Delayed Onset Muscle Soreness, or DOMS

DOMS and why you can’t walk properly the day after you first exercise

A lot of us would have experienced the feeling. That unmistakable soreness the day after that 1st gym session or run, or even from getting out into the garden to rip out a few weeds.  This is called Delayed Onset Muscle Soreness, or DOMS. But what exactly is it?

Firstly, scientists are not entirely sure what causes DOMS. It was previously thought of to occur from the lactic acid that builds up when we are performing high intensity movements, but this has been proven to not be the case.

Researchers now lean towards the theory that DOMS develops as a result of micro-tears, or damage, in the muscle fibres as a result of the exercise or physical activity.

It is more commonly caused by eccentric muscle contractions – contractions made during lengthening of the muscle. Think running or walking down hill, lowering a bicep curl, and jumping. It is characterised by feelings of muscle tenderness, stiffness, and a reduced range of motion, flexibility or force.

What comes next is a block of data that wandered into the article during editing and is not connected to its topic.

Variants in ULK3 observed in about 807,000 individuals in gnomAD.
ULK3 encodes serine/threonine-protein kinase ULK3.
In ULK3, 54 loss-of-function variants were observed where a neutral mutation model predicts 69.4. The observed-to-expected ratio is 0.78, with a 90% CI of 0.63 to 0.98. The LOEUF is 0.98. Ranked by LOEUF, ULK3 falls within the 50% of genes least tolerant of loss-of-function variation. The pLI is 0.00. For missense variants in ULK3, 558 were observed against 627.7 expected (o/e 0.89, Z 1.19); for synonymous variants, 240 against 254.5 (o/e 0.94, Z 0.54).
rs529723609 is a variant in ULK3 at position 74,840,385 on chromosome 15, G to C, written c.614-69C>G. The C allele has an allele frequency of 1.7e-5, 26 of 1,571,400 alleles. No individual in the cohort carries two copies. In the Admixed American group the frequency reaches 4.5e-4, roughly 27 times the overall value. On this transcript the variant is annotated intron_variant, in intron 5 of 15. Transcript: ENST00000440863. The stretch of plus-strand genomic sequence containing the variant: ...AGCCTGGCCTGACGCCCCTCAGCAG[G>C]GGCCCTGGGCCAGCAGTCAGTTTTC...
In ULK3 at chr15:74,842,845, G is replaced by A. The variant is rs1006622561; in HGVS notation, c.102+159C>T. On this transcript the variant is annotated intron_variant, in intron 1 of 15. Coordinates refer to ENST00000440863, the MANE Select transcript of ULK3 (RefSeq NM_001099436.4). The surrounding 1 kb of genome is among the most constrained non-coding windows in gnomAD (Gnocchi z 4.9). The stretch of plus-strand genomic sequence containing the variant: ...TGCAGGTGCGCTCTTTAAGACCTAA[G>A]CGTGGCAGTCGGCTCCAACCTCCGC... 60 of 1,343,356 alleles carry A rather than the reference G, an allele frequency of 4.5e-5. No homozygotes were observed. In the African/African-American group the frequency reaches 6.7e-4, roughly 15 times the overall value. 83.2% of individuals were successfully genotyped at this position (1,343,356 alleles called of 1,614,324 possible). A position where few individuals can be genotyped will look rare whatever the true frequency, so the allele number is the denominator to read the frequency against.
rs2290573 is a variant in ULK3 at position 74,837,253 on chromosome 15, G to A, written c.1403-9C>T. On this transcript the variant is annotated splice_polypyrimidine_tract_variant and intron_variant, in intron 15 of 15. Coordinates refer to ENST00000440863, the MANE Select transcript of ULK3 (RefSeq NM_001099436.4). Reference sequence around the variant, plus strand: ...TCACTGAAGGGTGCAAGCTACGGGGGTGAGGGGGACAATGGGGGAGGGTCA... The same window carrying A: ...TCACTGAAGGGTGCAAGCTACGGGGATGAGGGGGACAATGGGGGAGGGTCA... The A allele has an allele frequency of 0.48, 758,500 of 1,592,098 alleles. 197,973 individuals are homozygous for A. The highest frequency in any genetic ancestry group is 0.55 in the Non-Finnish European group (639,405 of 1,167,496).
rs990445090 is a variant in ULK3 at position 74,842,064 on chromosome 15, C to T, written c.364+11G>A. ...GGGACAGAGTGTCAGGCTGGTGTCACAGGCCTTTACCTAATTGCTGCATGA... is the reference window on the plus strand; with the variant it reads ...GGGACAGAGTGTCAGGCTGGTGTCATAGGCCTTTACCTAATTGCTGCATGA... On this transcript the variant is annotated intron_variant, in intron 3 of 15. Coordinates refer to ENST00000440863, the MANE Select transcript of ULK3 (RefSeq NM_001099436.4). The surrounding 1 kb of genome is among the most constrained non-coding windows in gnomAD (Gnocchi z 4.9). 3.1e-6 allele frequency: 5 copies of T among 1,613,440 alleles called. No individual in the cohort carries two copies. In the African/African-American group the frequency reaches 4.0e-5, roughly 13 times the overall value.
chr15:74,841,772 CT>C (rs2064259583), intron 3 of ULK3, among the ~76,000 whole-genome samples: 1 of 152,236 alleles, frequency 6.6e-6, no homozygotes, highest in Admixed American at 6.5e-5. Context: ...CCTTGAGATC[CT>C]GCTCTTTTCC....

DOMS tends to elicit greater responses in those movements which we have become unaccustomed to, which is why we pull up so sore the next day from that 1st session of training after a break, even sometimes only after a week, let alone months. It generally peaks in soreness around 24-72 hours after the session, but tends to not stop us from getting back out there after a day or two’s rest, and the good thing is that the repeat-bout effect of exercise generally results in less pain and soreness occurring if we regularly perform our workouts and associated movements.

So if you are kicking off the New Year with a new exercise routine or physical activity, try some of these tips to help reduce the severity of your post-exercise stiffness.

  • Gradually ease your way into a new routine. Start off slowly or with small volumes, and gradually build up and progress your volume and intensity over the course of a few sessions and weeks.
  • Warm up. This is a great injury preventer, and highly recommended still, although it tends not to reduce our feelings of DOMS, it will help in preventing more serious muscle damage such as strains which can keep you out of action for a few weeks.
  • Give yourself rest periods/days off between your main workout sessions to allow for muscle recovery, growth and repair.
  • Be consistent with your exercise and activity. You are better off performing 20-30mins a few times a week to begin with, than one 2-hour long session only on the weekend.
  • Massage / Foam Roller: Some research suggests that these can decrease pain associated with DOMS. Try some foam rolling or other self-massage techniques at home whilst relaxing at night.

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